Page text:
Clasica San Sebastian ’14: The PEZ Preview
Race Preview: Fresh back from the Tour de France; Ed Hood gives us his thoughts on this Saturday’s San Sebastian Classic. The winner could be a rider with fitness from the Tour or one building up for the Vuelta, but there’s always a tough fight in the Basque Country.
The UCI Word Tour, Clasica Ciclista San Sebastian; San Sebastian-San Sebastian or to give it the proper Basque name – Donostia-Donostia Klasikoa is Spain’s most important one day race.
San Sebastian is a beautiful city, on the Bay of Biscay and built around the crescent of La Concha beach, a centre for art, literature and culinary excellence it was where the Spanish royal family used to spend the summers to escape the searing heat of Madrid.
A Young ‘Classic’
Held on the Saturday after the Tour de France finishes it’s a ‘youngster’ of a Classic with the first edition raced as recently as 1981. That year saw Basque legend Marino Lejerreta land the first of the three wins which makes him ‘recordman’ for the race. The tough home parcours suited the ‘Reed of Berriz’ as the Basques called the 1982 Vuelta winner, after his slim build and place of birth. Lejerreta also won in 1982 and 1987 and was second in 1986.
That first edition saw Englishman Graham Jones on the podium in second place – but the race has generally not been kind to English speakers with just (whisper it) Lance Armstrong triumphing for the Anglos in 1995, he was also runner up in 1994. We wonder if he still has the winner’s txepela – the big embroidered Basque beret the winner traditionally receives?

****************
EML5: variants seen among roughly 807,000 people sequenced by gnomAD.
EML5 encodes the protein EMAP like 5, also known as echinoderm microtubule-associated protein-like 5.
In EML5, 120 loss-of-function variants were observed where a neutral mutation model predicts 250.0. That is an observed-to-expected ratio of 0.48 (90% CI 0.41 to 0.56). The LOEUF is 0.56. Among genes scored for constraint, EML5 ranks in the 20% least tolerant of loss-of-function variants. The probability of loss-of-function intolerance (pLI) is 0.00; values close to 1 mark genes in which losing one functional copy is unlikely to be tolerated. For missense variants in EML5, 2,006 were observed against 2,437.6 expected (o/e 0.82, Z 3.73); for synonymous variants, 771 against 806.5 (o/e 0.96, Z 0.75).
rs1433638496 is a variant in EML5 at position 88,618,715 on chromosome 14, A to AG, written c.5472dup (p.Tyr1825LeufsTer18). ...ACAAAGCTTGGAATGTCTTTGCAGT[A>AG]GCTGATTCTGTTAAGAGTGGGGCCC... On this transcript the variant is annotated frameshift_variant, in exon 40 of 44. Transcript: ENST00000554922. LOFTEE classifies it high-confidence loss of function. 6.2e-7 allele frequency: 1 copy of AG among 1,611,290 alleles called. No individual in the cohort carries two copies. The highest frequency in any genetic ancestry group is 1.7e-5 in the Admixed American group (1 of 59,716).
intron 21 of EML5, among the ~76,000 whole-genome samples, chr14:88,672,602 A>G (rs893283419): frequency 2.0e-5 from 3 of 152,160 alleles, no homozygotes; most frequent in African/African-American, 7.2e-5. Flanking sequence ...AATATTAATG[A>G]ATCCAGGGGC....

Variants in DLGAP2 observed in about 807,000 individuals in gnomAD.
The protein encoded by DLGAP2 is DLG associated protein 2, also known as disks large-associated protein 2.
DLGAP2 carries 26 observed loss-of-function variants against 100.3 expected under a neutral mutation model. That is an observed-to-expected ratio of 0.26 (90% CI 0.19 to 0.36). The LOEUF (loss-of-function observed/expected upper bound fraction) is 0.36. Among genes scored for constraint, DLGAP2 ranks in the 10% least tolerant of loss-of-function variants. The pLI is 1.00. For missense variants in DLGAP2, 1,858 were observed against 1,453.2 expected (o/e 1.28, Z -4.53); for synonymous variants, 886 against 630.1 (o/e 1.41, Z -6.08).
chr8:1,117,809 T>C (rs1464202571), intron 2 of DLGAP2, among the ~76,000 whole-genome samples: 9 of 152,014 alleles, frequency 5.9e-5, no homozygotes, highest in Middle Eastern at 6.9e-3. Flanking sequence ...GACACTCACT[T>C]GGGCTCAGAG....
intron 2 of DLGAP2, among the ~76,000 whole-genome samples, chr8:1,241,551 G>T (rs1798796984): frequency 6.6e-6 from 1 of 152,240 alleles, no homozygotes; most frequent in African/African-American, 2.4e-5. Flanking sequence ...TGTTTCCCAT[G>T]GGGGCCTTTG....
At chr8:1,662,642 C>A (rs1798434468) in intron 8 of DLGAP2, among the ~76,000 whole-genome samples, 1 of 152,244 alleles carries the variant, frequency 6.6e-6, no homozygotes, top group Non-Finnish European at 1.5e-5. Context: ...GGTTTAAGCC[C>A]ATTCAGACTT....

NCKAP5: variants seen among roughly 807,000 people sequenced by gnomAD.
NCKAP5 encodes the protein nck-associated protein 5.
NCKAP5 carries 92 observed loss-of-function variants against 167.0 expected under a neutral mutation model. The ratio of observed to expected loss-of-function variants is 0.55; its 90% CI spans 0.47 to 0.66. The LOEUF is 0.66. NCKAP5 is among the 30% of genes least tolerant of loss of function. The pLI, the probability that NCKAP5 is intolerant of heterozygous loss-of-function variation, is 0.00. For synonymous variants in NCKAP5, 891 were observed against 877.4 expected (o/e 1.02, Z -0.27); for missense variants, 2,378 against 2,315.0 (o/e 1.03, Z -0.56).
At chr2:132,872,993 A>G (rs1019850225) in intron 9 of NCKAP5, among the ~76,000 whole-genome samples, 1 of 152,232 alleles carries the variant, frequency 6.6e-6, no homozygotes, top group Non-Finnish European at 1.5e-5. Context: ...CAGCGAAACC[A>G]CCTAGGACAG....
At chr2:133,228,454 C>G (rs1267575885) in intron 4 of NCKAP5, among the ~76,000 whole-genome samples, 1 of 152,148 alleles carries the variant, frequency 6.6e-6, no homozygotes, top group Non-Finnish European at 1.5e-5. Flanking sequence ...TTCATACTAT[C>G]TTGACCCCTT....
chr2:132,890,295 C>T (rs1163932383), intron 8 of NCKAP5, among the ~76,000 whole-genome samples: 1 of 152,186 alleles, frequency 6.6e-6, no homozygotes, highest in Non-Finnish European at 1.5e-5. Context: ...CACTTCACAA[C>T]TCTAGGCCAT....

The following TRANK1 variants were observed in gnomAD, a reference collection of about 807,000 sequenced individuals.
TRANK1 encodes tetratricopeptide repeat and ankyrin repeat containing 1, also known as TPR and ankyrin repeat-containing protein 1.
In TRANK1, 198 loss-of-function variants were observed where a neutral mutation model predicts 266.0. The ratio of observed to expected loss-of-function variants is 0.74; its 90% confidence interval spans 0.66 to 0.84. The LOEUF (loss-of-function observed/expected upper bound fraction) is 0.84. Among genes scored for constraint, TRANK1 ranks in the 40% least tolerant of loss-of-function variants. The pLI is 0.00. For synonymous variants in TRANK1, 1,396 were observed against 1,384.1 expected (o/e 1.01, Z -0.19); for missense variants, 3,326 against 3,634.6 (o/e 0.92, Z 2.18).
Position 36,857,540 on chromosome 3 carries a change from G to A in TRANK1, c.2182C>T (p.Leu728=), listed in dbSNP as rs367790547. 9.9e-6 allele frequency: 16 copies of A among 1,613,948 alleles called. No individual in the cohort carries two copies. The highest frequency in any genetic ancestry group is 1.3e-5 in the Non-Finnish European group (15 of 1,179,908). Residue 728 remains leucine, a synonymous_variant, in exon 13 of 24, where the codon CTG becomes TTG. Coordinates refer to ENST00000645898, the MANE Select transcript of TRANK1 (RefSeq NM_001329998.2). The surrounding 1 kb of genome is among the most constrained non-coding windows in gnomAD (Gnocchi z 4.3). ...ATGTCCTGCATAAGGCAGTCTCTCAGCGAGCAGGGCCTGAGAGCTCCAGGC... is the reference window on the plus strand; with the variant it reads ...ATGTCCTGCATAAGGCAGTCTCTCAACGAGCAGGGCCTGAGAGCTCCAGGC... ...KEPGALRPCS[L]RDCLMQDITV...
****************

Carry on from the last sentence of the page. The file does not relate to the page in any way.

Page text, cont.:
Whilst the tough parcours suited his style, Sean Kelly only made the podium once, with third place in 1990 – and Australian Simon Gerrans was second as recently as 2012. The names mentioned thus far define the type of rider who will win this race – not one for the ‘pure’ climber but a race in which the hard men who can climb excel in; not unlike an Ardennes Classic rider.
The race’s role of honour is unusual in that whilst ‘Bigs’ like Lejerreta, Miguel Indurain, Gianni Bugno, Adrie Van Der Poel, Laurent Jalabert and Paolo Bettini have all won it there are some less familiar names atop the podium, too. Take 1989 when Austrian Gerhard Zadrobilek won for Motorola – his biggest road win before, against the usual trend, he turned to mountain biking where he had a successful second career.
Or 1992 when tough Mexican Raul Alcala took the honours; the Tour de France stage winner was still winning Mexican titles as recently as 2010 in the individual time trial. And in 1994 it was the hugely talented but equally eccentric – he was a cigar smoker – Frenchman Armand De Las Cuevas who won.
In recent years Spain’s big names have defended home honour well with Alejandro Valverde winning in 2008 after finishing third in 2007 and he was second last year to Tony Gallopin. Tall, slim Luis Leon Sanchez has won twice in 2010 and 2012 with Carlos Barredo taking the honours in 2009.
The 219 kilometre parcours are not for the faint hearted, a big loop through the Basque country and then two tough laps of the finishing circuit which is dominated by the famous Alto de Jaizkibel (meaning back of the rock in Basque) climb.